Wednesday 3 February 2010

Tories Reveal Energy Security Plan = more globalism

Below we see the Tories energy security plan for Britain = more globalism, more dependence on foreign imports, more foreign wars, more energy imperialism and more terrorism.

Trust the dumb Tories to miss the obvious = create a 100 % national independence renewable energy plan as the BNP proposes so we no longer need to start illegal wars such as in Iraq to take their oil and in Afghanistan to secure the pipelines that transport the oil to the West.

Nor need we ever be again dependent upon Arab oil and Russian gas.

We shall be a free nation - and thats not what the Tories, Labour, UKIP and Liberals are in power for.

They intend to keep us slaves in the globalist nexus.

Military 'should protect energy supplies'
Ben Webster, Environment Editor


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Britain must prepare to use military power to protect its energy supplies as it becomes increasingly dependent on imported oil and gas, according to the Conservatives.

Nato should help to police sea lanes to keep supply routes open and prevent energy shortages from causing black outs and disruption to the economy. Baroness Neville-Jones of Hutton Roof, the Shadow Security Minister, said Britain could not depend on market forces to deliver security of energy supply.

In a report published today by Green Alliance , an environmental think-tank, she writes that, despite the plans for 6,000 off-shore wind turbines, Britain would remain heavily reliant on imported fossil fuels for many more decades.

“In 2050 imported fossil fuels could still account for 40-60 per cent of consumption, with virtually all oil and gas coming from abroad.
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“In a situation where the greater part - some say up to 90 per cent - of the world’s known energy reserves are controlled by government-owned enterprises, not all especially friendly, the UK cannot just leave everything to the market: a totally laissez faire approach is no longer sufficient to protect the national interest.

“Resource nationalism is on the rise and politically motivated disruptions of supply are on the increase. Russia plays a petro power game and gas pipelines supplying Europe are also vulnerable.” The depletion of Britain’s North Sea oil and gas fields mean that it now imports around a quarter of it energy. By 2020, this is due to rise to 39-43 per cent and by 2025 to 47-50 per cent.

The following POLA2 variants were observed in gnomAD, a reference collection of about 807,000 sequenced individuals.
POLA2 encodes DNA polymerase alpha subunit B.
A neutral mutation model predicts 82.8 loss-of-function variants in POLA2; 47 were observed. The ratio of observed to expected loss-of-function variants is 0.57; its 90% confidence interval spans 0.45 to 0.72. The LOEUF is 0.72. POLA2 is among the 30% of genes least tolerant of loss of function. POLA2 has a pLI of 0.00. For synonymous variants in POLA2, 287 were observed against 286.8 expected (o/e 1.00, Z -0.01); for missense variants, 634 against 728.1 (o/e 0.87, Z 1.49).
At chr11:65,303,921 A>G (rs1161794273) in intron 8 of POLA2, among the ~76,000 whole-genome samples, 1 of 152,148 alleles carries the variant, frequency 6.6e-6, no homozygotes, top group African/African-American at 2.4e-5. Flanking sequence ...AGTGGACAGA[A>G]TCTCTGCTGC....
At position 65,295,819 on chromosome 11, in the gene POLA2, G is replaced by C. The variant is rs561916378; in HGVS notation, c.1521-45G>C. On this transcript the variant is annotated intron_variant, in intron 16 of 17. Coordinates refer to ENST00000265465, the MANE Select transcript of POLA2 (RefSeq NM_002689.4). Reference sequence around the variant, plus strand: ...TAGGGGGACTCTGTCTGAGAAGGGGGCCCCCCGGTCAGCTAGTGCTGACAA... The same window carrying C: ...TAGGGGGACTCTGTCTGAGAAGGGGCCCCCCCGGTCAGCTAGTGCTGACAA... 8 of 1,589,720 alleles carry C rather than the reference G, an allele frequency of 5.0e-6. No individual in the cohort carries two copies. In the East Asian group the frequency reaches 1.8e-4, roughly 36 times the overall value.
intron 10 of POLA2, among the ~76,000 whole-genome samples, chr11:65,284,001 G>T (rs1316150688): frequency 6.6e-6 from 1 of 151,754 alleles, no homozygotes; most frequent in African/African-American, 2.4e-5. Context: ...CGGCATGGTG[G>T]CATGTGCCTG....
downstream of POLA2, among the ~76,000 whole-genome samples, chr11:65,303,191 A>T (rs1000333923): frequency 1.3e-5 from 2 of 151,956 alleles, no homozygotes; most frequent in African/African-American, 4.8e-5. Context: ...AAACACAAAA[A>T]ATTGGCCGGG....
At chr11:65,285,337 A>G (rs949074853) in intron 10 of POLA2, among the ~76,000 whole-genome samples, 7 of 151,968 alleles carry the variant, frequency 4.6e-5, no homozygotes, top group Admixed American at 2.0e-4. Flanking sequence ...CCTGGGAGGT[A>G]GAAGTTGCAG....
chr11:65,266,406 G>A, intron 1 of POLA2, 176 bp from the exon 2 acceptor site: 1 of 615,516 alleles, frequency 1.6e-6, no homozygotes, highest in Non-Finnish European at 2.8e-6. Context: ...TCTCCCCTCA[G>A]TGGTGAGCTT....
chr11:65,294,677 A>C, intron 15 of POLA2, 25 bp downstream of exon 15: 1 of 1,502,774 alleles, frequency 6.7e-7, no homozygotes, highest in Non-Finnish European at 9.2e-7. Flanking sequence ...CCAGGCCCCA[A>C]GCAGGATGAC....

Britain is becoming particularly reliant on imported gas, which the Department of Energy and Climate Change predicts will account for 61 per cent of gas consumed here by 2025.

During last month’s long cold spell, National Grid cut the gas supply to dozens of factories to cope with increased demand from homes.

Britain has only 15 days of gas in storage in case of disruption to supplies. France has enough stored gas to last 122 days and Germany 99 days.

Even under optimistic estimates of the rate of construction of new gas storage facilities, Britain will still only have 36 days capacity by 2020.

Lady Neville-Jones said: “It seems doubtful, in the face of the multiplicity of risks in the international marketplace and the vulnerability of the UK to them, if this will be enough even to ensure supply through crisis.” Britain will lose a third of its electricity generating capacity over the next decade as inefficient coal plants are closed under European environmental regulations and 40-year-old nuclear stations reach the end of their working life.

Lady Neville-Jones said these closures “could result in blackouts by 2014-15”. With the population due to rise from 60 million to 70 million by 2029, rising demand would place even greater stress on the energy supply network.

She said: “British strategic energy interests and security of supply should be at the heart of the Foreign and Commonwealth Office and Ministry of Defence priorities and decisions.” The MoD needed to focus on “the tasking of our armed forces, especially the Royal Navy, concerning the security of the sea lanes and the safety of maritime traffic”.

She said energy security would be an increasingly important issue for the world and Britain should work with its military allies on securing supplies.

“Nato forces should help police sea lanes and provide solidarity and mutual assistance in the event of major disruption to energy supplies to member states.

“The EU must develop a coherent and consistent strategy in relation to Russia, improve the physical links in the European gas grid and take further internal liberalization of the European energy market.”

Baroness Neville-Jones said the Government needed better military planning to protect energy supplies from terrorism and piracy. She said there had been at least 330 terrorist attacks on oil and gas facilities worldwide between 1990 and 2005.

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